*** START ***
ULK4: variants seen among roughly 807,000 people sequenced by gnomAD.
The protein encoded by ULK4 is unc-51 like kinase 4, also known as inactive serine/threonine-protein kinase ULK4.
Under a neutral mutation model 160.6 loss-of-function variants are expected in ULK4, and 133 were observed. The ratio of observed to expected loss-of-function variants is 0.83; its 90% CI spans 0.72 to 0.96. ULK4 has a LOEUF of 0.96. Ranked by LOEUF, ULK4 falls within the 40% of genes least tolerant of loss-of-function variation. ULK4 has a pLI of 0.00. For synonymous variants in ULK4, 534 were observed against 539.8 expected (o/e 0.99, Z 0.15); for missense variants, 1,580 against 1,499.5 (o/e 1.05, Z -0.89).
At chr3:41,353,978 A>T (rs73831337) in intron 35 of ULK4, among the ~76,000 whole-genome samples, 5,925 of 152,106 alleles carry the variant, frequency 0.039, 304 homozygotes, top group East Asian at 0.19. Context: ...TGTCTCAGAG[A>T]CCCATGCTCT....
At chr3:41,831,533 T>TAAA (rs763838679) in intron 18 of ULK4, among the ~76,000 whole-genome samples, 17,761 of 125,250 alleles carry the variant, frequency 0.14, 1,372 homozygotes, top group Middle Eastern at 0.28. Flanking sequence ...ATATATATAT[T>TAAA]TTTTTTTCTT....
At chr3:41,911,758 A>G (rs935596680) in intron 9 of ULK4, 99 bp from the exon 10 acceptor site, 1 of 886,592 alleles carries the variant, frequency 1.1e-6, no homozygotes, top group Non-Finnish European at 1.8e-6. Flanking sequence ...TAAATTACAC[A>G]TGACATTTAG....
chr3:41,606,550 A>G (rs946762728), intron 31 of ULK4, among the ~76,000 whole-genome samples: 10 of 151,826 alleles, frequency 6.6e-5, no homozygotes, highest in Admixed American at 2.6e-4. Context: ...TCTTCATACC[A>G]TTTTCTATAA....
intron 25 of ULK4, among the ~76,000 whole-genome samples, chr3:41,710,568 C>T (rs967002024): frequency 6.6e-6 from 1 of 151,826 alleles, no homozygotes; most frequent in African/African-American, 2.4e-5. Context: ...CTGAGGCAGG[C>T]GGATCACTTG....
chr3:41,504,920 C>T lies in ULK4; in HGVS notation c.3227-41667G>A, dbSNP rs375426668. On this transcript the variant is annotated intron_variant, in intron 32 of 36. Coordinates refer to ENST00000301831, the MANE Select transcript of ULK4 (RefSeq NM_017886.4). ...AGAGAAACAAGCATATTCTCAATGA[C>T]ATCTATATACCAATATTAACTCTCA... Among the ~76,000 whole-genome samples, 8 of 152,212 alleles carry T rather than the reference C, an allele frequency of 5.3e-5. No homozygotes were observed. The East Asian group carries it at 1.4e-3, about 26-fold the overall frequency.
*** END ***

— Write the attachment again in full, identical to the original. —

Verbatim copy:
ULK4: variants seen among roughly 807,000 people sequenced by gnomAD.
The protein encoded by ULK4 is unc-51 like kinase 4, also known as inactive serine/threonine-protein kinase ULK4.
Under a neutral mutation model 160.6 loss-of-function variants are expected in ULK4, and 133 were observed. The ratio of observed to expected loss-of-function variants is 0.83; its 90% CI spans 0.72 to 0.96. ULK4 has a LOEUF of 0.96. Ranked by LOEUF, ULK4 falls within the 40% of genes least tolerant of loss-of-function variation. ULK4 has a pLI of 0.00. For synonymous variants in ULK4, 534 were observed against 539.8 expected (o/e 0.99, Z 0.15); for missense variants, 1,580 against 1,499.5 (o/e 1.05, Z -0.89).
At chr3:41,353,978 A>T (rs73831337) in intron 35 of ULK4, among the ~76,000 whole-genome samples, 5,925 of 152,106 alleles carry the variant, frequency 0.039, 304 homozygotes, top group East Asian at 0.19. Context: ...TGTCTCAGAG[A>T]CCCATGCTCT....
At chr3:41,831,533 T>TAAA (rs763838679) in intron 18 of ULK4, among the ~76,000 whole-genome samples, 17,761 of 125,250 alleles carry the variant, frequency 0.14, 1,372 homozygotes, top group Middle Eastern at 0.28. Flanking sequence ...ATATATATAT[T>TAAA]TTTTTTTCTT....
At chr3:41,911,758 A>G (rs935596680) in intron 9 of ULK4, 99 bp from the exon 10 acceptor site, 1 of 886,592 alleles carries the variant, frequency 1.1e-6, no homozygotes, top group Non-Finnish European at 1.8e-6. Flanking sequence ...TAAATTACAC[A>G]TGACATTTAG....
chr3:41,606,550 A>G (rs946762728), intron 31 of ULK4, among the ~76,000 whole-genome samples: 10 of 151,826 alleles, frequency 6.6e-5, no homozygotes, highest in Admixed American at 2.6e-4. Context: ...TCTTCATACC[A>G]TTTTCTATAA....
intron 25 of ULK4, among the ~76,000 whole-genome samples, chr3:41,710,568 C>T (rs967002024): frequency 6.6e-6 from 1 of 151,826 alleles, no homozygotes; most frequent in African/African-American, 2.4e-5. Context: ...CTGAGGCAGG[C>T]GGATCACTTG....
chr3:41,504,920 C>T lies in ULK4; in HGVS notation c.3227-41667G>A, dbSNP rs375426668. On this transcript the variant is annotated intron_variant, in intron 32 of 36. Coordinates refer to ENST00000301831, the MANE Select transcript of ULK4 (RefSeq NM_017886.4). ...AGAGAAACAAGCATATTCTCAATGA[C>T]ATCTATATACCAATATTAACTCTCA... Among the ~76,000 whole-genome samples, 8 of 152,212 alleles carry T rather than the reference C, an allele frequency of 5.3e-5. No homozygotes were observed. The East Asian group carries it at 1.4e-3, about 26-fold the overall frequency.